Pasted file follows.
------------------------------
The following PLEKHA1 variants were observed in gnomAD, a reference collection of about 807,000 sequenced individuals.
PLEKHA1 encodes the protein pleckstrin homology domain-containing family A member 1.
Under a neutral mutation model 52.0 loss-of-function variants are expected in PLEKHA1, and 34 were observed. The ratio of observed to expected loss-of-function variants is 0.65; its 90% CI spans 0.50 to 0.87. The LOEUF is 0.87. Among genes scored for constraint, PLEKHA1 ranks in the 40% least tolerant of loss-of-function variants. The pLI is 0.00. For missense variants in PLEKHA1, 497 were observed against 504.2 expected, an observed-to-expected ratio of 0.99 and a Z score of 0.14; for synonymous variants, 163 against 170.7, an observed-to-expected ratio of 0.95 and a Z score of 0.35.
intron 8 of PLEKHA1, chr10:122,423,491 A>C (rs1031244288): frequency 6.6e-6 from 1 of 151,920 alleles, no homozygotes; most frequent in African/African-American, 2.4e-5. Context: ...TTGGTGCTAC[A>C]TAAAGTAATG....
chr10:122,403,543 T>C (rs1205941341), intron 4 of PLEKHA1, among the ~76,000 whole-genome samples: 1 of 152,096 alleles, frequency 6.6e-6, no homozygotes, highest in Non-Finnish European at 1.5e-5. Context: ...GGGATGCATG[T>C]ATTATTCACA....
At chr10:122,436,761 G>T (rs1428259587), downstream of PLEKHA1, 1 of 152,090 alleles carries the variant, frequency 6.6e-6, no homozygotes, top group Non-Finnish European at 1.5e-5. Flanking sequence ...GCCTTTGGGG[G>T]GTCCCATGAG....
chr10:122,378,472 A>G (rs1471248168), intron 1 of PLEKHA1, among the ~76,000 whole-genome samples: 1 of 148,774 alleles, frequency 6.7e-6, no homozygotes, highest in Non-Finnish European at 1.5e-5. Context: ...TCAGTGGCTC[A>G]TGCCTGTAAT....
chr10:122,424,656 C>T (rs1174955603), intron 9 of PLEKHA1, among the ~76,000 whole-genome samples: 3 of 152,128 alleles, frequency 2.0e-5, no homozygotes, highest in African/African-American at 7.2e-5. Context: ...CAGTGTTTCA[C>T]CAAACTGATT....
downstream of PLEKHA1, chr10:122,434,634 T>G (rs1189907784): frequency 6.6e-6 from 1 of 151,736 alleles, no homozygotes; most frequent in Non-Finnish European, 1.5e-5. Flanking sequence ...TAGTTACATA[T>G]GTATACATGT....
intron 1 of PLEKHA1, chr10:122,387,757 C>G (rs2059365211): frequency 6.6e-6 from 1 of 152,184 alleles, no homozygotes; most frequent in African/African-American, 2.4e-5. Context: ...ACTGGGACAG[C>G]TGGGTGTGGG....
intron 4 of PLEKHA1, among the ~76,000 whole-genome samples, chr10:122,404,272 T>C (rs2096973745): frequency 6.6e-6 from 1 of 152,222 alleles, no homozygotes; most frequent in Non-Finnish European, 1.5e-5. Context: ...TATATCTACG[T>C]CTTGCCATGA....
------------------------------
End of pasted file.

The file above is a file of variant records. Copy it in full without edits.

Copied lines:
The following PLEKHA1 variants were observed in gnomAD, a reference collection of about 807,000 sequenced individuals.
PLEKHA1 encodes the protein pleckstrin homology domain-containing family A member 1.
Under a neutral mutation model 52.0 loss-of-function variants are expected in PLEKHA1, and 34 were observed. The ratio of observed to expected loss-of-function variants is 0.65; its 90% CI spans 0.50 to 0.87. The LOEUF is 0.87. Among genes scored for constraint, PLEKHA1 ranks in the 40% least tolerant of loss-of-function variants. The pLI is 0.00. For missense variants in PLEKHA1, 497 were observed against 504.2 expected, an observed-to-expected ratio of 0.99 and a Z score of 0.14; for synonymous variants, 163 against 170.7, an observed-to-expected ratio of 0.95 and a Z score of 0.35.
intron 8 of PLEKHA1, chr10:122,423,491 A>C (rs1031244288): frequency 6.6e-6 from 1 of 151,920 alleles, no homozygotes; most frequent in African/African-American, 2.4e-5. Context: ...TTGGTGCTAC[A>C]TAAAGTAATG....
chr10:122,403,543 T>C (rs1205941341), intron 4 of PLEKHA1, among the ~76,000 whole-genome samples: 1 of 152,096 alleles, frequency 6.6e-6, no homozygotes, highest in Non-Finnish European at 1.5e-5. Context: ...GGGATGCATG[T>C]ATTATTCACA....
At chr10:122,436,761 G>T (rs1428259587), downstream of PLEKHA1, 1 of 152,090 alleles carries the variant, frequency 6.6e-6, no homozygotes, top group Non-Finnish European at 1.5e-5. Flanking sequence ...GCCTTTGGGG[G>T]GTCCCATGAG....
chr10:122,378,472 A>G (rs1471248168), intron 1 of PLEKHA1, among the ~76,000 whole-genome samples: 1 of 148,774 alleles, frequency 6.7e-6, no homozygotes, highest in Non-Finnish European at 1.5e-5. Context: ...TCAGTGGCTC[A>G]TGCCTGTAAT....
chr10:122,424,656 C>T (rs1174955603), intron 9 of PLEKHA1, among the ~76,000 whole-genome samples: 3 of 152,128 alleles, frequency 2.0e-5, no homozygotes, highest in African/African-American at 7.2e-5. Context: ...CAGTGTTTCA[C>T]CAAACTGATT....
downstream of PLEKHA1, chr10:122,434,634 T>G (rs1189907784): frequency 6.6e-6 from 1 of 151,736 alleles, no homozygotes; most frequent in Non-Finnish European, 1.5e-5. Flanking sequence ...TAGTTACATA[T>G]GTATACATGT....
intron 1 of PLEKHA1, chr10:122,387,757 C>G (rs2059365211): frequency 6.6e-6 from 1 of 152,184 alleles, no homozygotes; most frequent in African/African-American, 2.4e-5. Context: ...ACTGGGACAG[C>G]TGGGTGTGGG....
intron 4 of PLEKHA1, among the ~76,000 whole-genome samples, chr10:122,404,272 T>C (rs2096973745): frequency 6.6e-6 from 1 of 152,222 alleles, no homozygotes; most frequent in Non-Finnish European, 1.5e-5. Context: ...TATATCTACG[T>C]CTTGCCATGA....